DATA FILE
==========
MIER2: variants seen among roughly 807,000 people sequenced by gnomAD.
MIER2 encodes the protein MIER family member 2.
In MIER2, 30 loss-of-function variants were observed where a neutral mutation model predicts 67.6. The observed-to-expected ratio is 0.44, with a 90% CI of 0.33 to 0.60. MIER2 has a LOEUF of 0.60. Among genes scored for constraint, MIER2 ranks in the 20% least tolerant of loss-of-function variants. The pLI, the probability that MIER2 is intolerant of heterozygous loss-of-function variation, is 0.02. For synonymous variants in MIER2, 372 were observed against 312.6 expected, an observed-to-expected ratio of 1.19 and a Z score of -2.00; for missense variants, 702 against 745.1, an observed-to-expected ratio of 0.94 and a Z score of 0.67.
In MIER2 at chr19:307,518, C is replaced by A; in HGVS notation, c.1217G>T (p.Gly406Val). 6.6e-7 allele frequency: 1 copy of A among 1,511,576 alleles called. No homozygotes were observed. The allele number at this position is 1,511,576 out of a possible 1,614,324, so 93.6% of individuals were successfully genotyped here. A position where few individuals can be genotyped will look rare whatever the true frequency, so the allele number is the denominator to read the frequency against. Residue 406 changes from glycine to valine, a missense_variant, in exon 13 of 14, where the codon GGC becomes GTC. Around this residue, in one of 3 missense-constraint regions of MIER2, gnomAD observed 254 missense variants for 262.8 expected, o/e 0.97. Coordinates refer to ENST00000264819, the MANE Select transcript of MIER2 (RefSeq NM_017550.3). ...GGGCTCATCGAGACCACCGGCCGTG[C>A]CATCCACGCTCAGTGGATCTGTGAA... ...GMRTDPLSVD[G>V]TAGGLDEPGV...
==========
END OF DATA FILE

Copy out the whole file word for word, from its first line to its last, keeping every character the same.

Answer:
MIER2: variants seen among roughly 807,000 people sequenced by gnomAD.
MIER2 encodes the protein MIER family member 2.
In MIER2, 30 loss-of-function variants were observed where a neutral mutation model predicts 67.6. The observed-to-expected ratio is 0.44, with a 90% CI of 0.33 to 0.60. MIER2 has a LOEUF of 0.60. Among genes scored for constraint, MIER2 ranks in the 20% least tolerant of loss-of-function variants. The pLI, the probability that MIER2 is intolerant of heterozygous loss-of-function variation, is 0.02. For synonymous variants in MIER2, 372 were observed against 312.6 expected, an observed-to-expected ratio of 1.19 and a Z score of -2.00; for missense variants, 702 against 745.1, an observed-to-expected ratio of 0.94 and a Z score of 0.67.
In MIER2 at chr19:307,518, C is replaced by A; in HGVS notation, c.1217G>T (p.Gly406Val). 6.6e-7 allele frequency: 1 copy of A among 1,511,576 alleles called. No homozygotes were observed. The allele number at this position is 1,511,576 out of a possible 1,614,324, so 93.6% of individuals were successfully genotyped here. A position where few individuals can be genotyped will look rare whatever the true frequency, so the allele number is the denominator to read the frequency against. Residue 406 changes from glycine to valine, a missense_variant, in exon 13 of 14, where the codon GGC becomes GTC. Around this residue, in one of 3 missense-constraint regions of MIER2, gnomAD observed 254 missense variants for 262.8 expected, o/e 0.97. Coordinates refer to ENST00000264819, the MANE Select transcript of MIER2 (RefSeq NM_017550.3). ...GGGCTCATCGAGACCACCGGCCGTG[C>A]CATCCACGCTCAGTGGATCTGTGAA... ...GMRTDPLSVD[G>V]TAGGLDEPGV...